He was uniquely suited as the Idaho Senate majority leader, a post he’s held for eight terms. He will be missed by that body and all Idahoans who have appreciated the Senate’s sane approach to law-making during time when our House has often taken another path. Davis has led from behind the scenes, but his impact is well-known to anyone familiar with the halls of the Statehouse. It’s hard to imagine him not being there next January, and it’s a little worrisome.
Have a private conversation with Davis and you get doses of sincere humility, keen wit, thoughtful commentary and a listening ear. He often infuriated his colleagues when he wouldn’t immediately take a side on an issue, but he always seemed to have his reasons. Still, while his command of the English language allows him to circle an issue with dexterity and seeming equivocation, when push comes to shove he never hesitates to step up. When he chooses to be decisive, few stand in his way.
Above all, when it comes to legal matters Davis is professorial in his commitment to analysis and study. Even those who disagree with him usually come away from a conversation or debate knowing he had done his homework and thought through every nuance and complication.
For a person who doesn’t openly seek convenient political alliances or placate foes, he has many friends among Republicans and Democrats alike. At the end of this year’s legislative session when many of his colleagues knew this nomination was probably coming, the good wishes and warm handshakes came from every corner of the Statehouse.
Davis has run a quiet law practice in Idaho Falls and it’s not his style to make a public splash, but his impact has been undeniable. He comes to his new job uniquely prepared and with a temperament and perspective that will serve him, and us, very well.
Where does it end? Why do you have to go dirty and undignified with this? Do you only look good by dumping on someone else and make them look bad? To have our options and being able to voice them is a wonderful privilege we have in this country. Why is that this privilege has to be soiled and disgraced with lies, slander and sarcasm? This entire campaign has turned out to equal if not worse than Hillary and Trump — a bloody mess! Curt's article was truthful, he did not point fingers or tried to make look anyone better or worse, he plainly stated the facts. Our employer does not have to throw us barbecues for working safe. They do not have to keep the fry booth fully supplied. There is a lot that goes into this amazing perk. The community appreciates the generosity of Lamb Weston to make this amazing gift available. All these other little perks that everyone takes for granted: health credit, perk book, annual cost of living adjustment raise, movies, pictures with Santa, tickets to the racetrack, Haunted Swamp, Easter egg hunts and so much more. These are facts this is really happening at Lamb Weston, and the pro union people are enjoying everyone of those perks, in fact, they are first in line with open hands to collect. So give it a break, enjoy the right to your opinion gracefully, and be fair and truthful. My opinion: A union is not needed here at Lamb Weston Twin Falls, there is nothing better they can give us, we would probably actually lose. So my vote will be no. I am an employee of 30 years, and life experience thought me the grass is really not greener — it's an optical illusion, life is reality.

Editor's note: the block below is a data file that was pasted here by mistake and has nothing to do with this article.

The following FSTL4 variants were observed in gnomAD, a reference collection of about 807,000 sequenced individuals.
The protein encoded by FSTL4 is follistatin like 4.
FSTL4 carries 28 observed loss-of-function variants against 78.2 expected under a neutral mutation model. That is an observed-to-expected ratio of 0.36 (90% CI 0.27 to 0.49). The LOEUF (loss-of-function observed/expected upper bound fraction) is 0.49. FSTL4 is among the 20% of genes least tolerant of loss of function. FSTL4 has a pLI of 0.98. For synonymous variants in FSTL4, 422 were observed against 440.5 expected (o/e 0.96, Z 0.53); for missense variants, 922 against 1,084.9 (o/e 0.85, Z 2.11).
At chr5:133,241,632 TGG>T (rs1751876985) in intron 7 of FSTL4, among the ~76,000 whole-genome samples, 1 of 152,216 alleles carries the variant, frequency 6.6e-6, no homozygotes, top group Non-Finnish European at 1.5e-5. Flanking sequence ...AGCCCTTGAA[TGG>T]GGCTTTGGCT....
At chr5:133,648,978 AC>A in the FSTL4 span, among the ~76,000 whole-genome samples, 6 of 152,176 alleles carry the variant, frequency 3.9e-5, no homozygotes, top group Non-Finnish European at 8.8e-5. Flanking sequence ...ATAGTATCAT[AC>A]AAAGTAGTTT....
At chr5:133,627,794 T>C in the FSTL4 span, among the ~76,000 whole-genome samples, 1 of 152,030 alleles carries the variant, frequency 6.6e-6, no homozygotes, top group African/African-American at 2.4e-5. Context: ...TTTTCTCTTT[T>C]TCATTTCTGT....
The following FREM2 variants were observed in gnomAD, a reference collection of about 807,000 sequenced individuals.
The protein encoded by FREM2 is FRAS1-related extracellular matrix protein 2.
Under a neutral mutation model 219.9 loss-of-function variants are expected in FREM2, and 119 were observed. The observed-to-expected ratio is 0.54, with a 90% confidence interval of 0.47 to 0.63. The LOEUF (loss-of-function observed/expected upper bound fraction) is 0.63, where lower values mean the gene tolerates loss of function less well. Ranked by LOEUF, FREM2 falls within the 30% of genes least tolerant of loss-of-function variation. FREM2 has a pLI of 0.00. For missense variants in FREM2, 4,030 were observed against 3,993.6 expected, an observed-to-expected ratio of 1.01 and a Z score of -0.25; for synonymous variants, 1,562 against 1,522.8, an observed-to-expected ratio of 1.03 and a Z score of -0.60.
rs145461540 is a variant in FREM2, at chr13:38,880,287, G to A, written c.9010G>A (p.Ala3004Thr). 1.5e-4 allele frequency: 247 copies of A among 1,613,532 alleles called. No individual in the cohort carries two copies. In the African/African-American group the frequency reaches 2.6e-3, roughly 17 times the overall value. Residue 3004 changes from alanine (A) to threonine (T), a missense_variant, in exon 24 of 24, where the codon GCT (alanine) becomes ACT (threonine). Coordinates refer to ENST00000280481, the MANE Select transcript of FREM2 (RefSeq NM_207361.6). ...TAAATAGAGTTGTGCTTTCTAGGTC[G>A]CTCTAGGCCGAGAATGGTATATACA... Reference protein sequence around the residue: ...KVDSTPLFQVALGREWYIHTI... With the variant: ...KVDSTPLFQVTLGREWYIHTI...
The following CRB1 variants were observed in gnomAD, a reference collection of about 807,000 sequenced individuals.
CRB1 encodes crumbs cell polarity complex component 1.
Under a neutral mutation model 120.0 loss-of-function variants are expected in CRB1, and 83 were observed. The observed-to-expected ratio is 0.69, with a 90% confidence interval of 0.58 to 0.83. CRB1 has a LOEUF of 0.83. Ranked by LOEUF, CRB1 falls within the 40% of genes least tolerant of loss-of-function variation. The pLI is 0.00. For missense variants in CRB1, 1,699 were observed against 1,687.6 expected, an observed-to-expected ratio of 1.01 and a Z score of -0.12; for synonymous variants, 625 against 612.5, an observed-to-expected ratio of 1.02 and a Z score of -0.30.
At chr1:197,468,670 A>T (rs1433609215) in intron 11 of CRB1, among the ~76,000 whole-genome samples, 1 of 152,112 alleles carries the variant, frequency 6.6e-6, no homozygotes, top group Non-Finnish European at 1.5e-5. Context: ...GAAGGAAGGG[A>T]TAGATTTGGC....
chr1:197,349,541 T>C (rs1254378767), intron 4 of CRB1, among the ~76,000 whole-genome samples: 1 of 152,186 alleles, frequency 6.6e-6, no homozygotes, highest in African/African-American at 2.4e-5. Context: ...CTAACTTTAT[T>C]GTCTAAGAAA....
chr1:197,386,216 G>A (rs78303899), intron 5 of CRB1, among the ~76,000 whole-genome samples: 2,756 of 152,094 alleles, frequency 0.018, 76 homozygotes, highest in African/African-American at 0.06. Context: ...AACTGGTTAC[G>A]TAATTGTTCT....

Birgit Martinez, Twin Falls